The NFL has ruled that neither the Kansas City Chiefs defender Daniel Sorenson hit delivered to Cleveland Browns wide receiver Rashard Higgins, nor did the Tackles Browns linebacker, made against Chiefs quarterback Patrick Mahomes, warrant a fine.
Given that “Dirty Dan” was not punished during the game and was not subsequently punished by the League, the message sent is that it was acceptable for Sorenson to lead the crown of his helmet into the Higgins helmet, in spite of it the fact that the rules specifically forbid it.
This is quite problematic as this hit is dangerous not only to Higgins, who was struck in the side of his head by the crown of Sorenson’s helmet, but also to Sorenson.
The illegal hit also helped get Higgins fumbling, who then bounced into the end zone before crossing the lines, handing the ball to the Chiefs on their own 20-yard line as a touchback. It was a major turning point in the game and helped determine the outcome.
The Browns lost the game by 5.
Wilson’s hit wasn’t illegal. He tracked down Mahomes and made the attack. The twisting of Mahomes was tied to the tackle and nothing Wilson did was after the whistle or with the intention of injuring Mahomes, who was going to be kicked out of the game and who started showing symptoms of concussion immediately after the game.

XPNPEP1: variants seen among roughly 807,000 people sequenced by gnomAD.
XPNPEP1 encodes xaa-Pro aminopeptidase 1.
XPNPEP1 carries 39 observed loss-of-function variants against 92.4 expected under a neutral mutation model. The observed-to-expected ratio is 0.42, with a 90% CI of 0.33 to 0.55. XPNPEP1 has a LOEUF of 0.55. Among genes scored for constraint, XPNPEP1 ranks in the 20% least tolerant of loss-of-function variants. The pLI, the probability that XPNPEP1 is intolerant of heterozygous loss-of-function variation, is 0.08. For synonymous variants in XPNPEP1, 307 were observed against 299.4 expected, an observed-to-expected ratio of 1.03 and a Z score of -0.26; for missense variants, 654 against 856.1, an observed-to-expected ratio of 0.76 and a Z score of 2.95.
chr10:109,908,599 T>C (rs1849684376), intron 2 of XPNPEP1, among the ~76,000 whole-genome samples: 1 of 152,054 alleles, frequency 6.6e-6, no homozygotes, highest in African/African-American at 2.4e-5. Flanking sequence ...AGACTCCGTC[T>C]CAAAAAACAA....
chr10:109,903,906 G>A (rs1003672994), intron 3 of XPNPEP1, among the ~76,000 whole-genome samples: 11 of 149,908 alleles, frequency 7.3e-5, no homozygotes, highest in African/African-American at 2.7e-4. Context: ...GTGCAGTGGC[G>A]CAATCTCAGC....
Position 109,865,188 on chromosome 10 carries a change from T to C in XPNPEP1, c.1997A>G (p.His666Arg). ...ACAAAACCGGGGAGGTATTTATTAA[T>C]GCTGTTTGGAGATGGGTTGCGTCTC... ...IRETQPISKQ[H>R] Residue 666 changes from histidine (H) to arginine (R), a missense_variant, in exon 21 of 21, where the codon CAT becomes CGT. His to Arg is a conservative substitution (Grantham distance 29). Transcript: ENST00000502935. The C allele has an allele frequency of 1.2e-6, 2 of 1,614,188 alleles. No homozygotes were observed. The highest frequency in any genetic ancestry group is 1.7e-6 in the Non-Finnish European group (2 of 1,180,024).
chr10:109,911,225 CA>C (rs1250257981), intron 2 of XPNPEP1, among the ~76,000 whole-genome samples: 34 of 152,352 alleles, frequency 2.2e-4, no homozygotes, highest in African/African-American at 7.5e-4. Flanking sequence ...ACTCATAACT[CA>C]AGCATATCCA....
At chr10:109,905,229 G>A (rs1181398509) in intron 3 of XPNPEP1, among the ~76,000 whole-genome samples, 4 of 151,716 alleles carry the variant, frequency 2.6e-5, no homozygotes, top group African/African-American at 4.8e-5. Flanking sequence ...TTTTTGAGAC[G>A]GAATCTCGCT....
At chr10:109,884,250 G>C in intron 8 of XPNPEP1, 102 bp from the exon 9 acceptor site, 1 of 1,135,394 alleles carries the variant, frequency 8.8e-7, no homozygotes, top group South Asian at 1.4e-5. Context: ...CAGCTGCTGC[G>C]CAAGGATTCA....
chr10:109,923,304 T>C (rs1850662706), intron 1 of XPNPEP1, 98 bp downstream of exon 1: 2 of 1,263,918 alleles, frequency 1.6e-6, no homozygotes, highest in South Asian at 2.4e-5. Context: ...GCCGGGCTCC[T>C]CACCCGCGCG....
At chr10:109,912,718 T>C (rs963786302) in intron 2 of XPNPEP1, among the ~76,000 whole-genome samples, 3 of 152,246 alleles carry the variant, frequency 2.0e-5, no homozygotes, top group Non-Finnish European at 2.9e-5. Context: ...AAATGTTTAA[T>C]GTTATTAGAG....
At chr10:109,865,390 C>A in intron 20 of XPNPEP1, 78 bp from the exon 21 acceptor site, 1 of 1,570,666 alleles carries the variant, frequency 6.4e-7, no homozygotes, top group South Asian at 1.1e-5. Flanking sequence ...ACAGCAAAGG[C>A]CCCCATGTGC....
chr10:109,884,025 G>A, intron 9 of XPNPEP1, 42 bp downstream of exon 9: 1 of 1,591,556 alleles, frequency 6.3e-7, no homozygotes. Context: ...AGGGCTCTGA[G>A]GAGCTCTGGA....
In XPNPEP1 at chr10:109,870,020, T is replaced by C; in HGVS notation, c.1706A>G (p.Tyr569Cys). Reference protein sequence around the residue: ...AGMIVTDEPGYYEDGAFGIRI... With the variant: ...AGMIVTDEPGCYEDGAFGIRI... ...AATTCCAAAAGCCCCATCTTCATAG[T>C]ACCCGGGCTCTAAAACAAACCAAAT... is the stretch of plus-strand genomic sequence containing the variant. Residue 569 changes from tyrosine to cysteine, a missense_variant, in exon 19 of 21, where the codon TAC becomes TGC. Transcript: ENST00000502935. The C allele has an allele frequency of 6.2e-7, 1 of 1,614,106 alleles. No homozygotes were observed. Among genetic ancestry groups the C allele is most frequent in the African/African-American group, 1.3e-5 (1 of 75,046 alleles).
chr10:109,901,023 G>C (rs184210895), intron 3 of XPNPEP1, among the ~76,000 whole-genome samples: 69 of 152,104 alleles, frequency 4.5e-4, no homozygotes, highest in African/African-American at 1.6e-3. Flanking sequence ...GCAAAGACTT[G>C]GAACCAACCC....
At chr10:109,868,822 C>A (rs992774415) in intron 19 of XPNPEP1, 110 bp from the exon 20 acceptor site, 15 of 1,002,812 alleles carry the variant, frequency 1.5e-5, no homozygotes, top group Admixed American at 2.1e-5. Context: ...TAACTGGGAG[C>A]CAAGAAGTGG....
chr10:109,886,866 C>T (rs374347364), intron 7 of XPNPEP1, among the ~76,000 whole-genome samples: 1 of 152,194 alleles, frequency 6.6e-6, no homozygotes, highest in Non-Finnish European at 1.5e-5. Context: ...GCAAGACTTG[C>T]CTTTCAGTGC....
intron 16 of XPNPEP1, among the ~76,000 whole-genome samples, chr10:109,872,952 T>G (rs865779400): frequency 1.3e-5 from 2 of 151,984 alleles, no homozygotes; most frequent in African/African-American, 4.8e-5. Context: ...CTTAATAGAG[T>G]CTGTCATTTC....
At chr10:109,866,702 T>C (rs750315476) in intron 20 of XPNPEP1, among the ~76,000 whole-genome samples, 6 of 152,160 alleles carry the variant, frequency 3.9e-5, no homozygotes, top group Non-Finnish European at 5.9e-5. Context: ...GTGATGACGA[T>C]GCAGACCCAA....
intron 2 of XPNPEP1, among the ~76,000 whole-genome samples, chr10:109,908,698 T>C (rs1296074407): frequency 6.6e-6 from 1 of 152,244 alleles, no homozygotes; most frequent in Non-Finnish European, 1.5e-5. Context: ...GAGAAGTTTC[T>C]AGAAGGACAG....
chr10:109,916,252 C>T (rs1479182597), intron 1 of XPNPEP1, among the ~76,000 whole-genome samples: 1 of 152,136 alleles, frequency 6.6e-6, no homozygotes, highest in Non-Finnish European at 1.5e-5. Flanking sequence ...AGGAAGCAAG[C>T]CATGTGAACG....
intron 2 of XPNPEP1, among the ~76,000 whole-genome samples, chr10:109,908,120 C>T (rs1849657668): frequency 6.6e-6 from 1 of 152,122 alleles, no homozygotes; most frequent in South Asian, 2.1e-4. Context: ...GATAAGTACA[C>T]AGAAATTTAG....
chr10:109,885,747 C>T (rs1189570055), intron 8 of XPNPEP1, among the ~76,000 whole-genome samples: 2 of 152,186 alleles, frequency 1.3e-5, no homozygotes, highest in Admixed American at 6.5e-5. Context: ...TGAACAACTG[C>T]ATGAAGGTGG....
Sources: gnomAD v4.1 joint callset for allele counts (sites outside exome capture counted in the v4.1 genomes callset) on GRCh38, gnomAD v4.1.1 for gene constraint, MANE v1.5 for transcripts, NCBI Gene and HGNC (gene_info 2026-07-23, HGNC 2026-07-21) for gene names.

Sorenson is effectively rewarded by opting for dangerous and illegal action for not having been punished at all. It did so despite the rules advising analysts that it was illegal live when the piece was reviewed. It was also made explicit, despite the half-time coverage, that the call was missed and many analysts shouted it out after the game. It’s helped the Chiefs advance to the AFC Championship, and while the NFL can’t go back and fix the call afterwards, they can certainly do more than pretend that an illegal hit was actually legal to cover up bad governance.